The documentary spurred my interest in her and I'm sharing two paintings I found online.

The Love-Embrace of the Universe, (1949) This is intriguing because she's infantilized her husband, Diego Rivera. It's ironic because they had a significant age difference and she married him in her early 20's. He called her his "child." Along the way, her maturation and growth surpassed his. I like how she recognizes her place in the universe, knowing that there are higher beings and ancestors who have cradled and nurtured before. She nestles herself and Diego into this lap, showing the balance of moon and the sun. This is also a tribute to her Latin American heritage, which acknowledges the power of a female deity in nature. I know Latin American cultures have strong images of fertility goddesses in their artwork. (Note: my final project for my Third World Artists class was the comparison of ancient Mexican fertility art forms to a modern Israeli artist who depicted childbirth in metal sculptures).

Thinking of Death (1943) is a self-portrait and its significance is quite apparent with such a title. Kahlo suffered greatly in a bus accident in her 20's and spent years hospitalized for reconstructive surgeries. Also, she was hospitalized for lost pregnancies though childbirth would have resulted in her death. In this picture, she paints herself among the lush greenery, while death is always on her mind.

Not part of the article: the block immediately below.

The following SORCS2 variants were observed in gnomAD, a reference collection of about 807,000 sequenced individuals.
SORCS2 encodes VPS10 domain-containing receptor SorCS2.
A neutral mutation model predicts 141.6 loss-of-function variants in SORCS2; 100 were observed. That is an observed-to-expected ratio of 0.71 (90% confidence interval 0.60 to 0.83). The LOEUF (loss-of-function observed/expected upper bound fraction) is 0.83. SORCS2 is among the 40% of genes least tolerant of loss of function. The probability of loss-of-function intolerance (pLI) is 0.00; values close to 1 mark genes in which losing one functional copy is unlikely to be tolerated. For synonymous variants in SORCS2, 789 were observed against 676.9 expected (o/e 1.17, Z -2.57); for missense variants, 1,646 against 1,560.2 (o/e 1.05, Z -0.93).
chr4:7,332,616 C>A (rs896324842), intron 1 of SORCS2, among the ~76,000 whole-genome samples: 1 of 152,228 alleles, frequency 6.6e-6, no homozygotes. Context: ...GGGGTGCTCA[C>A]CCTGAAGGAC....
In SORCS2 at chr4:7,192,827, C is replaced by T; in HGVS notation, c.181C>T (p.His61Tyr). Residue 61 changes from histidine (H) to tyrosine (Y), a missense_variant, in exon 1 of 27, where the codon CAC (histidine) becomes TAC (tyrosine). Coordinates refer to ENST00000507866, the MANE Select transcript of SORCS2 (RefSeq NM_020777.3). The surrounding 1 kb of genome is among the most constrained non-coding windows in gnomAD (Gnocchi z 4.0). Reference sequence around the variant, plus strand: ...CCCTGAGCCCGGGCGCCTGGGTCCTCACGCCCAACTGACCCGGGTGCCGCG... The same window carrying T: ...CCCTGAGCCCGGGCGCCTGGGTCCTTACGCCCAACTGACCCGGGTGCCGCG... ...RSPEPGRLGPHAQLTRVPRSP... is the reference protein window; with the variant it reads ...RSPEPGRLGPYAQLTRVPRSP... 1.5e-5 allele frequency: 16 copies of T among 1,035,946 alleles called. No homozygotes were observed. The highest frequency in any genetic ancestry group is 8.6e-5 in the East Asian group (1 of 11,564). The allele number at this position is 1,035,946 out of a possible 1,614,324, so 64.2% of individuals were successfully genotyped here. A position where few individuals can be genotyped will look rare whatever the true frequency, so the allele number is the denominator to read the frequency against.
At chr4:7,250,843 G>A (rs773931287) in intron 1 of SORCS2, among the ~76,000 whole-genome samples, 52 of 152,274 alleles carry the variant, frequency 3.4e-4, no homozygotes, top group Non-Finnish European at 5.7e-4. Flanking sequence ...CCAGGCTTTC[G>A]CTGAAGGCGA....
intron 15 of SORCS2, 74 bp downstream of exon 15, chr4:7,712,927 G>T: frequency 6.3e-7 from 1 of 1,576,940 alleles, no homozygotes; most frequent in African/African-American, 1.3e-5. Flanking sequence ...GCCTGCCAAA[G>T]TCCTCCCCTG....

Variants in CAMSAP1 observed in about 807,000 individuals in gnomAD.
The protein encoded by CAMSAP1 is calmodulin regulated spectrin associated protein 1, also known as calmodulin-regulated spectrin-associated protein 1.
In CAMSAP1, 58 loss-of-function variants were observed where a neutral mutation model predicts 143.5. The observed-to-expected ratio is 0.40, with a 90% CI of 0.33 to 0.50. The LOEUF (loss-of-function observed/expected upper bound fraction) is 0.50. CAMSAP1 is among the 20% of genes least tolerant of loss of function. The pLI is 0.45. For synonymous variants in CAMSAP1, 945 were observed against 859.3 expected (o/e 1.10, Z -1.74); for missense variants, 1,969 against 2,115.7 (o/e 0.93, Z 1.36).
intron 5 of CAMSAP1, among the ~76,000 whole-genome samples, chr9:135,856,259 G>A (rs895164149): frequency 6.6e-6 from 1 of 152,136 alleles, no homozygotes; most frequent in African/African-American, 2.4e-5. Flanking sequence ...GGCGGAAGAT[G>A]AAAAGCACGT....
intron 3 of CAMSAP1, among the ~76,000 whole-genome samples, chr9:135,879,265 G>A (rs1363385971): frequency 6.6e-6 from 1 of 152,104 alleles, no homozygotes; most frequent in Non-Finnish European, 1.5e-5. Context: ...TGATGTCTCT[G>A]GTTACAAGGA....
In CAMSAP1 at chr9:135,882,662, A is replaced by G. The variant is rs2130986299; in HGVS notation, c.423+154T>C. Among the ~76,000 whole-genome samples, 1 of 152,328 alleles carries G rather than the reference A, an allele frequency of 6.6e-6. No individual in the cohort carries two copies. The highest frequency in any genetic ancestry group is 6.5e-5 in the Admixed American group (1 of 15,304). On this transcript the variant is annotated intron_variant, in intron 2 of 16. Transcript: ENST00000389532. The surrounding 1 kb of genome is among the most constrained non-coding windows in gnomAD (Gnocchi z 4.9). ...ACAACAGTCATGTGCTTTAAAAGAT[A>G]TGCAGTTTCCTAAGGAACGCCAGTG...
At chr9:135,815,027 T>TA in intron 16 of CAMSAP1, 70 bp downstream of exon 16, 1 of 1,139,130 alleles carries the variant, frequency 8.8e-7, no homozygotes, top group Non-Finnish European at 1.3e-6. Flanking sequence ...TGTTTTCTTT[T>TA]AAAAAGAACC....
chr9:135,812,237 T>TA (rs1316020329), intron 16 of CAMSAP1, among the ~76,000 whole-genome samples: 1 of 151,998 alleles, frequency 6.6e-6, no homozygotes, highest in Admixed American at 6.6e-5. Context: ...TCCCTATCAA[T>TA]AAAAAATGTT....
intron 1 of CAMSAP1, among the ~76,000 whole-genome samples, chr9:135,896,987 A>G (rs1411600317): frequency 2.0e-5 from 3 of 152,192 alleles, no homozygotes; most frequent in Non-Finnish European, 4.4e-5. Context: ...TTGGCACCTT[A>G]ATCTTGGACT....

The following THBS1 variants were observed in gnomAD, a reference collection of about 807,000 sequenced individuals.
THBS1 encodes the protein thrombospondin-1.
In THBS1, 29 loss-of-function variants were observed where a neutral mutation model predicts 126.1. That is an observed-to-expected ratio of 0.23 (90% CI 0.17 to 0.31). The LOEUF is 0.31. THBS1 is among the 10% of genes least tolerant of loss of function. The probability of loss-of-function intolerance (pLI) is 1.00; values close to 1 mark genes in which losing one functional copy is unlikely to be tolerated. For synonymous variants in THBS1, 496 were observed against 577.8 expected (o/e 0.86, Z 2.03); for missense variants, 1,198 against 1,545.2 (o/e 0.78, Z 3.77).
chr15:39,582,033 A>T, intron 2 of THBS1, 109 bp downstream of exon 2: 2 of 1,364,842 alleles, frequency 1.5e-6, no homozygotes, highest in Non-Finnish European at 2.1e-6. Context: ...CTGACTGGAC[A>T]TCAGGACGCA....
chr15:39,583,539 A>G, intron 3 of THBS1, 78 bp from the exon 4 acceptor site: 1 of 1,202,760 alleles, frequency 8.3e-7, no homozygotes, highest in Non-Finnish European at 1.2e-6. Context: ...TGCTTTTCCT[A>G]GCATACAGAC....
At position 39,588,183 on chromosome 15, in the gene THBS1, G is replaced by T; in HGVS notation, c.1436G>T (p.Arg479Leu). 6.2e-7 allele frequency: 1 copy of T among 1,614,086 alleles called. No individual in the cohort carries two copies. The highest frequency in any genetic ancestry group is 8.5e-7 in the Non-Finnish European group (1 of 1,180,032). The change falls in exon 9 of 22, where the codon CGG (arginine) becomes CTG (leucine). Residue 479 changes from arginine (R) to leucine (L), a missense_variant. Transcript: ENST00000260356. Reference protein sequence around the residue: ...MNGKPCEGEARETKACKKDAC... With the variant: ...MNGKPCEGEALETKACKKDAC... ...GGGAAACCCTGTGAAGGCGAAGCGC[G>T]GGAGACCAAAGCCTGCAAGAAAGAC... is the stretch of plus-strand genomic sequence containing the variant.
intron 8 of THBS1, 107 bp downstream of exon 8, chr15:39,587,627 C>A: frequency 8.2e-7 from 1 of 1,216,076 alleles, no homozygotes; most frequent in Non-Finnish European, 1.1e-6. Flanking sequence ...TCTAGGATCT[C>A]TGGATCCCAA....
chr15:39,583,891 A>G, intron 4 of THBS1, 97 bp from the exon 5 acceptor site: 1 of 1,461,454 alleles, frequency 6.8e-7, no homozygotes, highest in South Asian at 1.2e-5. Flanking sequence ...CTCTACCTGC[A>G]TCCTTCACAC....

I think one thing misleading about her paintings is the serious look she has. After seeing Salma Hayek in Julie Taymor's "Frida," I felt her true personality was revealed. She was an artist, a charismatic and alluring woman who enjoyed life. She loved her country and her people. Her relationship with Diego was tough due to his infidelity. However, she had affairs with men and women, which indicates a separation from the traditional role of a Mexican wife. Even as an artist, she tried to mimic her husband's style and ambitions, but she couldn't. She had to be true to her own creative leanings.